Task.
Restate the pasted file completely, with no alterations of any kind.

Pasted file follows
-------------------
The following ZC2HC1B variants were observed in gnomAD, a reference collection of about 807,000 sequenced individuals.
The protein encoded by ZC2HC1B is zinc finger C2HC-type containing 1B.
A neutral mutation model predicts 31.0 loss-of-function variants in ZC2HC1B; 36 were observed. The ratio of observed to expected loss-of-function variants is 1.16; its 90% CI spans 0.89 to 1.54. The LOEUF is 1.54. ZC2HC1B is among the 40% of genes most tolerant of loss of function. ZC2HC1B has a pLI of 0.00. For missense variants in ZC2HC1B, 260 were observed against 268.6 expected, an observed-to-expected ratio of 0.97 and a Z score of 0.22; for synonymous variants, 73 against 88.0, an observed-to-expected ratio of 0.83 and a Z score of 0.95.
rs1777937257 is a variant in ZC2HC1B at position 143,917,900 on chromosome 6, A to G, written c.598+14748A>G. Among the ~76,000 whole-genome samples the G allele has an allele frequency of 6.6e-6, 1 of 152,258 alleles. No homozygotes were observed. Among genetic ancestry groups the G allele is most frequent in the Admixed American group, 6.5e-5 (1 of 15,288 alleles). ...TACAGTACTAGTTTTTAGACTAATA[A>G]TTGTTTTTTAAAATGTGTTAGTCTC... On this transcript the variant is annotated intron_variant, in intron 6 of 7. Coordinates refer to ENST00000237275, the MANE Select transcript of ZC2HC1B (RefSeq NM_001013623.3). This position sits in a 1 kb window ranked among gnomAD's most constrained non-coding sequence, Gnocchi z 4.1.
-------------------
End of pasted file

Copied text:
The following ZC2HC1B variants were observed in gnomAD, a reference collection of about 807,000 sequenced individuals.
The protein encoded by ZC2HC1B is zinc finger C2HC-type containing 1B.
A neutral mutation model predicts 31.0 loss-of-function variants in ZC2HC1B; 36 were observed. The ratio of observed to expected loss-of-function variants is 1.16; its 90% CI spans 0.89 to 1.54. The LOEUF is 1.54. ZC2HC1B is among the 40% of genes most tolerant of loss of function. ZC2HC1B has a pLI of 0.00. For missense variants in ZC2HC1B, 260 were observed against 268.6 expected, an observed-to-expected ratio of 0.97 and a Z score of 0.22; for synonymous variants, 73 against 88.0, an observed-to-expected ratio of 0.83 and a Z score of 0.95.
rs1777937257 is a variant in ZC2HC1B at position 143,917,900 on chromosome 6, A to G, written c.598+14748A>G. Among the ~76,000 whole-genome samples the G allele has an allele frequency of 6.6e-6, 1 of 152,258 alleles. No homozygotes were observed. Among genetic ancestry groups the G allele is most frequent in the Admixed American group, 6.5e-5 (1 of 15,288 alleles). ...TACAGTACTAGTTTTTAGACTAATA[A>G]TTGTTTTTTAAAATGTGTTAGTCTC... On this transcript the variant is annotated intron_variant, in intron 6 of 7. Coordinates refer to ENST00000237275, the MANE Select transcript of ZC2HC1B (RefSeq NM_001013623.3). This position sits in a 1 kb window ranked among gnomAD's most constrained non-coding sequence, Gnocchi z 4.1.